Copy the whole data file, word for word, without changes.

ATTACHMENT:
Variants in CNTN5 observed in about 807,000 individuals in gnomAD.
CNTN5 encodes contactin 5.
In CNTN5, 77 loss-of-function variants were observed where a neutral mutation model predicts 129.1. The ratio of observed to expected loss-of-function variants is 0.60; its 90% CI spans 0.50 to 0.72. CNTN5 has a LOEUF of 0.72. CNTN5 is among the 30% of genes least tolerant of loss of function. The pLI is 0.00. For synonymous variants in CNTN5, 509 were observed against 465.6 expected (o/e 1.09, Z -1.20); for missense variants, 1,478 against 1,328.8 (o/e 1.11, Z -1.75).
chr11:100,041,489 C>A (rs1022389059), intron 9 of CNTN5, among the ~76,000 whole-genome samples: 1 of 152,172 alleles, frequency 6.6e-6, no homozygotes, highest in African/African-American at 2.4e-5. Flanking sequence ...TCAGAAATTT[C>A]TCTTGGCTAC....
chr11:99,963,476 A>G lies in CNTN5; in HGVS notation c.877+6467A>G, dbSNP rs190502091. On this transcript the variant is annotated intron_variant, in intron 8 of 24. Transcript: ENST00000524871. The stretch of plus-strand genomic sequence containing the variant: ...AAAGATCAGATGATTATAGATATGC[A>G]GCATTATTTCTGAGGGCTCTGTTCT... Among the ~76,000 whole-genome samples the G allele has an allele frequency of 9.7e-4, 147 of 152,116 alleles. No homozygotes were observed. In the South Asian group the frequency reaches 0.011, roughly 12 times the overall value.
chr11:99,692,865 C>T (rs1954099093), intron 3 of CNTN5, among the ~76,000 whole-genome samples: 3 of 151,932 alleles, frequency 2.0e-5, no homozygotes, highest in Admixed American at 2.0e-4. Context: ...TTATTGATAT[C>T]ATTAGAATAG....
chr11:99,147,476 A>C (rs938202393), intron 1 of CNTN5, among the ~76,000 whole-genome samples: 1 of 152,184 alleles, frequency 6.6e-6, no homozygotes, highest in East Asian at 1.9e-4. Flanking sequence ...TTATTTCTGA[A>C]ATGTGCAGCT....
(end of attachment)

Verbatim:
Variants in CNTN5 observed in about 807,000 individuals in gnomAD.
CNTN5 encodes contactin 5.
In CNTN5, 77 loss-of-function variants were observed where a neutral mutation model predicts 129.1. The ratio of observed to expected loss-of-function variants is 0.60; its 90% CI spans 0.50 to 0.72. CNTN5 has a LOEUF of 0.72. CNTN5 is among the 30% of genes least tolerant of loss of function. The pLI is 0.00. For synonymous variants in CNTN5, 509 were observed against 465.6 expected (o/e 1.09, Z -1.20); for missense variants, 1,478 against 1,328.8 (o/e 1.11, Z -1.75).
chr11:100,041,489 C>A (rs1022389059), intron 9 of CNTN5, among the ~76,000 whole-genome samples: 1 of 152,172 alleles, frequency 6.6e-6, no homozygotes, highest in African/African-American at 2.4e-5. Flanking sequence ...TCAGAAATTT[C>A]TCTTGGCTAC....
chr11:99,963,476 A>G lies in CNTN5; in HGVS notation c.877+6467A>G, dbSNP rs190502091. On this transcript the variant is annotated intron_variant, in intron 8 of 24. Transcript: ENST00000524871. The stretch of plus-strand genomic sequence containing the variant: ...AAAGATCAGATGATTATAGATATGC[A>G]GCATTATTTCTGAGGGCTCTGTTCT... Among the ~76,000 whole-genome samples the G allele has an allele frequency of 9.7e-4, 147 of 152,116 alleles. No homozygotes were observed. In the South Asian group the frequency reaches 0.011, roughly 12 times the overall value.
chr11:99,692,865 C>T (rs1954099093), intron 3 of CNTN5, among the ~76,000 whole-genome samples: 3 of 151,932 alleles, frequency 2.0e-5, no homozygotes, highest in Admixed American at 2.0e-4. Context: ...TTATTGATAT[C>T]ATTAGAATAG....
chr11:99,147,476 A>C (rs938202393), intron 1 of CNTN5, among the ~76,000 whole-genome samples: 1 of 152,184 alleles, frequency 6.6e-6, no homozygotes, highest in East Asian at 1.9e-4. Flanking sequence ...TTATTTCTGA[A>C]ATGTGCAGCT....